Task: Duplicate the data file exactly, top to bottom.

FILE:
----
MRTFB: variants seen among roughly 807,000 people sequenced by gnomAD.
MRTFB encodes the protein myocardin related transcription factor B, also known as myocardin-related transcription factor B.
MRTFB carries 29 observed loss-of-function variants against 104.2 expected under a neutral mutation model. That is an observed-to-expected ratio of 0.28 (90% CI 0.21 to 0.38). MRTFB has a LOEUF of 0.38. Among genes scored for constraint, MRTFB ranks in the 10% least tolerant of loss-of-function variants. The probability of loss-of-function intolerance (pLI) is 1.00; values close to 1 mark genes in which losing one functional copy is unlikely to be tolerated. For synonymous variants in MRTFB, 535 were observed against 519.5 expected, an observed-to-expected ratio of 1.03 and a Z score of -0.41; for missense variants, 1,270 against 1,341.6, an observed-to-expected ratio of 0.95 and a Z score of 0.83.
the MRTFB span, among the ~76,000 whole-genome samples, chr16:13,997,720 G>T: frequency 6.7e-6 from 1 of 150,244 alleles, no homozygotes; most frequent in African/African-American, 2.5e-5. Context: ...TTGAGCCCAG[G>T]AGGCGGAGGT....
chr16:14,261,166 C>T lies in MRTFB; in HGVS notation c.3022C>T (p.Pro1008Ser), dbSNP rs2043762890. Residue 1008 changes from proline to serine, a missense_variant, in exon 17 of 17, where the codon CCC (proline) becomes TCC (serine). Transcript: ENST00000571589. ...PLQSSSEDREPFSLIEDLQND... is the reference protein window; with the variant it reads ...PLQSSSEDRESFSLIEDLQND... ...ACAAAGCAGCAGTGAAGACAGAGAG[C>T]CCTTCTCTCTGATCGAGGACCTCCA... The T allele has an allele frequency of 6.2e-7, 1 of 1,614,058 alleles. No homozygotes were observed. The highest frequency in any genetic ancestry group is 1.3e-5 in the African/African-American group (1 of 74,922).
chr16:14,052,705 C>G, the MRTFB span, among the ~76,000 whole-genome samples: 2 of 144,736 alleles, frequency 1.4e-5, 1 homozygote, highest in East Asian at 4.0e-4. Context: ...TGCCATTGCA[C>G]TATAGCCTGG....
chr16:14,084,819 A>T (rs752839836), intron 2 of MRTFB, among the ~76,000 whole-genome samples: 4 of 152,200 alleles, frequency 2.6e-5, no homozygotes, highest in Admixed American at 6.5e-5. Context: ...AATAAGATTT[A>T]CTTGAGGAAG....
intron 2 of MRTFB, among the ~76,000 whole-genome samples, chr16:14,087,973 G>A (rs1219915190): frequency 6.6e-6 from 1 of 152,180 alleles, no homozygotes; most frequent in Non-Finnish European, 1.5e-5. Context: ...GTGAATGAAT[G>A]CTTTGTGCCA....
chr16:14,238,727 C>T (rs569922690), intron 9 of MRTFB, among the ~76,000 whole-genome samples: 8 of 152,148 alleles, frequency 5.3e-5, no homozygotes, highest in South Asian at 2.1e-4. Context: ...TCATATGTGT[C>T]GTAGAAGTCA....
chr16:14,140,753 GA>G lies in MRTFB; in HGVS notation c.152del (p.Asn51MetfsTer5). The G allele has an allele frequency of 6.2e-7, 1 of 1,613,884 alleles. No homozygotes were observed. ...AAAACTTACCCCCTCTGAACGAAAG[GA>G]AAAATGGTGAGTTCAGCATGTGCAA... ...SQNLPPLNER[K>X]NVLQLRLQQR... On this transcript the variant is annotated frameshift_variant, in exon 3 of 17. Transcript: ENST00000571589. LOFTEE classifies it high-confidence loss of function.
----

MRTFB: variants seen among roughly 807,000 people sequenced by gnomAD.
MRTFB encodes the protein myocardin related transcription factor B, also known as myocardin-related transcription factor B.
MRTFB carries 29 observed loss-of-function variants against 104.2 expected under a neutral mutation model. That is an observed-to-expected ratio of 0.28 (90% CI 0.21 to 0.38). MRTFB has a LOEUF of 0.38. Among genes scored for constraint, MRTFB ranks in the 10% least tolerant of loss-of-function variants. The probability of loss-of-function intolerance (pLI) is 1.00; values close to 1 mark genes in which losing one functional copy is unlikely to be tolerated. For synonymous variants in MRTFB, 535 were observed against 519.5 expected, an observed-to-expected ratio of 1.03 and a Z score of -0.41; for missense variants, 1,270 against 1,341.6, an observed-to-expected ratio of 0.95 and a Z score of 0.83.
the MRTFB span, among the ~76,000 whole-genome samples, chr16:13,997,720 G>T: frequency 6.7e-6 from 1 of 150,244 alleles, no homozygotes; most frequent in African/African-American, 2.5e-5. Context: ...TTGAGCCCAG[G>T]AGGCGGAGGT....
chr16:14,261,166 C>T lies in MRTFB; in HGVS notation c.3022C>T (p.Pro1008Ser), dbSNP rs2043762890. Residue 1008 changes from proline to serine, a missense_variant, in exon 17 of 17, where the codon CCC (proline) becomes TCC (serine). Transcript: ENST00000571589. ...PLQSSSEDREPFSLIEDLQND... is the reference protein window; with the variant it reads ...PLQSSSEDRESFSLIEDLQND... ...ACAAAGCAGCAGTGAAGACAGAGAG[C>T]CCTTCTCTCTGATCGAGGACCTCCA... The T allele has an allele frequency of 6.2e-7, 1 of 1,614,058 alleles. No homozygotes were observed. The highest frequency in any genetic ancestry group is 1.3e-5 in the African/African-American group (1 of 74,922).
chr16:14,052,705 C>G, the MRTFB span, among the ~76,000 whole-genome samples: 2 of 144,736 alleles, frequency 1.4e-5, 1 homozygote, highest in East Asian at 4.0e-4. Context: ...TGCCATTGCA[C>G]TATAGCCTGG....
chr16:14,084,819 A>T (rs752839836), intron 2 of MRTFB, among the ~76,000 whole-genome samples: 4 of 152,200 alleles, frequency 2.6e-5, no homozygotes, highest in Admixed American at 6.5e-5. Context: ...AATAAGATTT[A>T]CTTGAGGAAG....
intron 2 of MRTFB, among the ~76,000 whole-genome samples, chr16:14,087,973 G>A (rs1219915190): frequency 6.6e-6 from 1 of 152,180 alleles, no homozygotes; most frequent in Non-Finnish European, 1.5e-5. Context: ...GTGAATGAAT[G>A]CTTTGTGCCA....
chr16:14,238,727 C>T (rs569922690), intron 9 of MRTFB, among the ~76,000 whole-genome samples: 8 of 152,148 alleles, frequency 5.3e-5, no homozygotes, highest in South Asian at 2.1e-4. Context: ...TCATATGTGT[C>T]GTAGAAGTCA....
chr16:14,140,753 GA>G lies in MRTFB; in HGVS notation c.152del (p.Asn51MetfsTer5). The G allele has an allele frequency of 6.2e-7, 1 of 1,613,884 alleles. No homozygotes were observed. ...AAAACTTACCCCCTCTGAACGAAAG[GA>G]AAAATGGTGAGTTCAGCATGTGCAA... ...SQNLPPLNER[K>X]NVLQLRLQQR... On this transcript the variant is annotated frameshift_variant, in exon 3 of 17. Transcript: ENST00000571589. LOFTEE classifies it high-confidence loss of function.